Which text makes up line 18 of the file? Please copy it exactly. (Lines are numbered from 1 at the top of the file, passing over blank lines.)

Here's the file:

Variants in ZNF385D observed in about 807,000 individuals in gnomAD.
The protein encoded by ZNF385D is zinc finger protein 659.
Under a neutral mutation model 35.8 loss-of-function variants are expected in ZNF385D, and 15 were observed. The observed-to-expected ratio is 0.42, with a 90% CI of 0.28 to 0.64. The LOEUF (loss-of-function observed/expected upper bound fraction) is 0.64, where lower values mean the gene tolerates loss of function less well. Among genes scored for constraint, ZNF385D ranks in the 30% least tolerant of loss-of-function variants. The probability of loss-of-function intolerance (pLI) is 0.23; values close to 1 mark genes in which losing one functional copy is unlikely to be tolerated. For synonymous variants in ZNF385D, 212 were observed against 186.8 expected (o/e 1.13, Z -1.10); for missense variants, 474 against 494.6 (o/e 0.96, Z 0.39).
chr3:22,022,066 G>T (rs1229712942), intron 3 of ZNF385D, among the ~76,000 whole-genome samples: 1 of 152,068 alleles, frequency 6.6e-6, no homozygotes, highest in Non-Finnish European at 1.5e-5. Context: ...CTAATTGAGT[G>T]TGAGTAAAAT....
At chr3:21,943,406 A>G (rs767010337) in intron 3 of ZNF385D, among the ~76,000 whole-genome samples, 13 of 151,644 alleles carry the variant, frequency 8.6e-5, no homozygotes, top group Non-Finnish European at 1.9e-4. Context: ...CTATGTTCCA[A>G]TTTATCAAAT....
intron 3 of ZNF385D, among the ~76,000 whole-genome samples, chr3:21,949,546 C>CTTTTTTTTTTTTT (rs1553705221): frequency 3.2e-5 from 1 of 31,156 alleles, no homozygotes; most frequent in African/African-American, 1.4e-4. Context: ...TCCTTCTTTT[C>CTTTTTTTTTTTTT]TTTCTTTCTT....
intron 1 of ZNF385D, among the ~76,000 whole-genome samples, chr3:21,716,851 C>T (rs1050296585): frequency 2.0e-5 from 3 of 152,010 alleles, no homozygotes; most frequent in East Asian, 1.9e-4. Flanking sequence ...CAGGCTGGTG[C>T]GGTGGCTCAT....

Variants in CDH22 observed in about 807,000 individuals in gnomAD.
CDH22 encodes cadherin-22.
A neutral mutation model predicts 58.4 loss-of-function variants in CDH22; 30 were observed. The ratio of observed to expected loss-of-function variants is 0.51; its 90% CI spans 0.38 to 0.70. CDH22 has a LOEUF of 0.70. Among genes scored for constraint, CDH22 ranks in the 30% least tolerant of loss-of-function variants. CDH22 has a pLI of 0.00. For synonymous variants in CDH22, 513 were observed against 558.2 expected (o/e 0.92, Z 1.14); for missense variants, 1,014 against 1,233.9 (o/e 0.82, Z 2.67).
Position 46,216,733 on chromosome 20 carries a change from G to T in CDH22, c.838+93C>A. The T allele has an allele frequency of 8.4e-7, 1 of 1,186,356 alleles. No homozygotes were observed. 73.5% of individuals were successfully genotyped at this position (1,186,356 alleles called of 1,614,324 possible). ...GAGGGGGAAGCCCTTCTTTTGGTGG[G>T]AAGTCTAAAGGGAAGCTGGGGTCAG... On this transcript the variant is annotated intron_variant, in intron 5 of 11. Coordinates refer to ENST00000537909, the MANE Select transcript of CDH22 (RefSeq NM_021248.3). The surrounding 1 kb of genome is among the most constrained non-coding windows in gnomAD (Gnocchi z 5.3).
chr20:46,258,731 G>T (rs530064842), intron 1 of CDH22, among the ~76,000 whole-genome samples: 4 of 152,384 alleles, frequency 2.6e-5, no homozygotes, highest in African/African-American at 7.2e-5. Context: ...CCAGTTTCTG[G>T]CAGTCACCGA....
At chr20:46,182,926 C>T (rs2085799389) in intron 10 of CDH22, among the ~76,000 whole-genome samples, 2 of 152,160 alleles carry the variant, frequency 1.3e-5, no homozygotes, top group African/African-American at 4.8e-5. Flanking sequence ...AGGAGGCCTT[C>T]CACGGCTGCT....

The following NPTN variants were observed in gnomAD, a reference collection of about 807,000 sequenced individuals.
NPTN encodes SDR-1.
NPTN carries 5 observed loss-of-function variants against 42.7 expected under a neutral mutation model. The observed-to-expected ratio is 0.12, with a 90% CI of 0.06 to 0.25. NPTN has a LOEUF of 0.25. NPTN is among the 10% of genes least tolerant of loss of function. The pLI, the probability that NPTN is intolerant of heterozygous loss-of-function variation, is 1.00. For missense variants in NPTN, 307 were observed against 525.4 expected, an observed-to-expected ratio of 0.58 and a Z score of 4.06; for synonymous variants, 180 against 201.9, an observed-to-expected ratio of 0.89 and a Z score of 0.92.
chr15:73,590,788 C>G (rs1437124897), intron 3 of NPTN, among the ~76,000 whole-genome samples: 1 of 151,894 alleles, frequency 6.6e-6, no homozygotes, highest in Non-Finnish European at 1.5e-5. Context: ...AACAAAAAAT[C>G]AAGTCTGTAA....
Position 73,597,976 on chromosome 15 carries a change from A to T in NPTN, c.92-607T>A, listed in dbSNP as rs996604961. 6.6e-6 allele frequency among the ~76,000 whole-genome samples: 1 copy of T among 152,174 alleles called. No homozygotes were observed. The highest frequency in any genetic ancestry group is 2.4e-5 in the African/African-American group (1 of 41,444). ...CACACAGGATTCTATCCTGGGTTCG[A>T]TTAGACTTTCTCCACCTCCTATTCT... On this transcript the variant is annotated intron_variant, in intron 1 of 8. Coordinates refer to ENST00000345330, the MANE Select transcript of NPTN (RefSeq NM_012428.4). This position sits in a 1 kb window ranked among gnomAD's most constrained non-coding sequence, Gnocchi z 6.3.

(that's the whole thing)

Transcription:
Position 73,597,976 on chromosome 15 carries a change from A to T in NPTN, c.92-607T>A, listed in dbSNP as rs996604961. 6.6e-6 allele frequency among the ~76,000 whole-genome samples: 1 copy of T among 152,174 alleles called. No homozygotes were observed. The highest frequency in any genetic ancestry group is 2.4e-5 in the African/African-American group (1 of 41,444). ...CACACAGGATTCTATCCTGGGTTCG[A>T]TTAGACTTTCTCCACCTCCTATTCT... On this transcript the variant is annotated intron_variant, in intron 1 of 8. Coordinates refer to ENST00000345330, the MANE Select transcript of NPTN (RefSeq NM_012428.4). This position sits in a 1 kb window ranked among gnomAD's most constrained non-coding sequence, Gnocchi z 6.3.